• 124.
    Lindberg, David
    Linköping University, Department of Management and Engineering. Linköping University, The Institute of Technology.
    MSC Adams modelling of mechanical system in A400M Crew Entrance Door2012Independent thesis Advanced level (degree of Master (Two Years)), 20 credits / 30 HE creditsStudent thesis
    Abstract [en]

    Saab Aerostructures has developed the Crew Entrance Door (CED) for Airbus A400M. Airbus has decided some different load cases for which the Crew Entrance Door must be built to withstand without something breaking down.

    The door is maneuvered by a mechanical system and the load cases are essential for the sizing of the components in the mechanical system. Saab has previously used MS Excel to analytically calculate resulting forces in the mechanical system due to external and/or internal loads in the different load cases. This report describes how the mechanical system for A400M Crew Entrance Door instead can be modeled and solved numerically with the computer program MSC Adams/View.

    Creating a model of a mechanical system in MSC Adams/View proved to be easy and fairly quick. The benefit of working with MSC Adams instead of MS Excel is that it is quicker and more user friendly.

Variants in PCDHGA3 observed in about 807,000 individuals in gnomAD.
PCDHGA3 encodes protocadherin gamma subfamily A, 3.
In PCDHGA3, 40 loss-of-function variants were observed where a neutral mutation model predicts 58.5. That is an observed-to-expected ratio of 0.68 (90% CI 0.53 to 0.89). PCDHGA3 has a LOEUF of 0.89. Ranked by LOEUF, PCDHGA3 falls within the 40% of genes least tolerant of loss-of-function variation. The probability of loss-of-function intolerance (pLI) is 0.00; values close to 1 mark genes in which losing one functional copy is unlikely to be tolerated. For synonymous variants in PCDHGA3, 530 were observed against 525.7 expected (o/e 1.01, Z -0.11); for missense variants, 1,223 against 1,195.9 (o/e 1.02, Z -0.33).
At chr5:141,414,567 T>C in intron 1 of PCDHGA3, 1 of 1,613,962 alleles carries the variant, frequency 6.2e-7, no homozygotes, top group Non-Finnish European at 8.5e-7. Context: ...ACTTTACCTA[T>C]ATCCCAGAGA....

The major differences when comparing results were believed to be an effect of comparing results from a kinematic model with results from a dynamic model. Therefore it is in the Authors opinion that the analytical method to calculate resulting forces with MS Excel can be replaced by numerical calculations with MSC Adams/View. However, apart from calculating reaction forces there are additional post-simulation calculations for which it is perhaps more beneficial to use MS Excel. To do these post-simulation calculations in MS Excel it is easy to use exported results from MSC Adams.

    If Saab Aerostructures decide to start working with MSC Adams/View and if Saab wants geometry to be imported to the model, then an advise from the Author is to have a software installed which can convert step-files (*.stp or *.step) to the MSC Adams preferred file format Parasolid (*.xmt_txt or *.x_t). The software should also be able to repair geometry which will greatly increase mass accuracy.

  • 125.
    Lindbom, Erik
    Linköping University, Department of Management and Engineering, Machine Design.
    Anordning för rengöring avkomponent i mjölkningsrobot: Framtagning av lösning för förbättrad rengöring avspentvättkopp för att motverka bakterietillväxt2017Independent thesis Basic level (degree of Bachelor), 10,5 credits / 16 HE creditsStudent thesis